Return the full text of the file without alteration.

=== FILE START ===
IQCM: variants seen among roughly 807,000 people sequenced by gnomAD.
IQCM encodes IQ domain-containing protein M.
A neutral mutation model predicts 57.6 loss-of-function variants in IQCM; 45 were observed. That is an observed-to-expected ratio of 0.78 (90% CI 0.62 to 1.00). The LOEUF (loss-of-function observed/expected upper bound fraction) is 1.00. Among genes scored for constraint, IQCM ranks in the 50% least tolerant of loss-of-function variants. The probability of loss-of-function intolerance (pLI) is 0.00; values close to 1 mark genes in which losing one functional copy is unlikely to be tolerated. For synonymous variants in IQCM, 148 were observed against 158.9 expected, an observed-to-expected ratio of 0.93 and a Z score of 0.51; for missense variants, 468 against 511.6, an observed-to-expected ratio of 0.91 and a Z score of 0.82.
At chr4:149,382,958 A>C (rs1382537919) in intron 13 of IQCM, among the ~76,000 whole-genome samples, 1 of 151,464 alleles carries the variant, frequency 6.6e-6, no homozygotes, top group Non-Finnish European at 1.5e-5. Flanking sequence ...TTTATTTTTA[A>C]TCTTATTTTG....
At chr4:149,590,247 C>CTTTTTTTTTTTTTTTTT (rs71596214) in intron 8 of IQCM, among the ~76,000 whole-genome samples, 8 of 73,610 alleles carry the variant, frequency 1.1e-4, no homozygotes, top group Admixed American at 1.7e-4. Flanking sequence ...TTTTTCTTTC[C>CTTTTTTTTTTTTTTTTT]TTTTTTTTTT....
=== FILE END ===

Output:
IQCM: variants seen among roughly 807,000 people sequenced by gnomAD.
IQCM encodes IQ domain-containing protein M.
A neutral mutation model predicts 57.6 loss-of-function variants in IQCM; 45 were observed. That is an observed-to-expected ratio of 0.78 (90% CI 0.62 to 1.00). The LOEUF (loss-of-function observed/expected upper bound fraction) is 1.00. Among genes scored for constraint, IQCM ranks in the 50% least tolerant of loss-of-function variants. The probability of loss-of-function intolerance (pLI) is 0.00; values close to 1 mark genes in which losing one functional copy is unlikely to be tolerated. For synonymous variants in IQCM, 148 were observed against 158.9 expected, an observed-to-expected ratio of 0.93 and a Z score of 0.51; for missense variants, 468 against 511.6, an observed-to-expected ratio of 0.91 and a Z score of 0.82.
At chr4:149,382,958 A>C (rs1382537919) in intron 13 of IQCM, among the ~76,000 whole-genome samples, 1 of 151,464 alleles carries the variant, frequency 6.6e-6, no homozygotes, top group Non-Finnish European at 1.5e-5. Flanking sequence ...TTTATTTTTA[A>C]TCTTATTTTG....
At chr4:149,590,247 C>CTTTTTTTTTTTTTTTTT (rs71596214) in intron 8 of IQCM, among the ~76,000 whole-genome samples, 8 of 73,610 alleles carry the variant, frequency 1.1e-4, no homozygotes, top group Admixed American at 1.7e-4. Flanking sequence ...TTTTTCTTTC[C>CTTTTTTTTTTTTTTTTT]TTTTTTTTTT....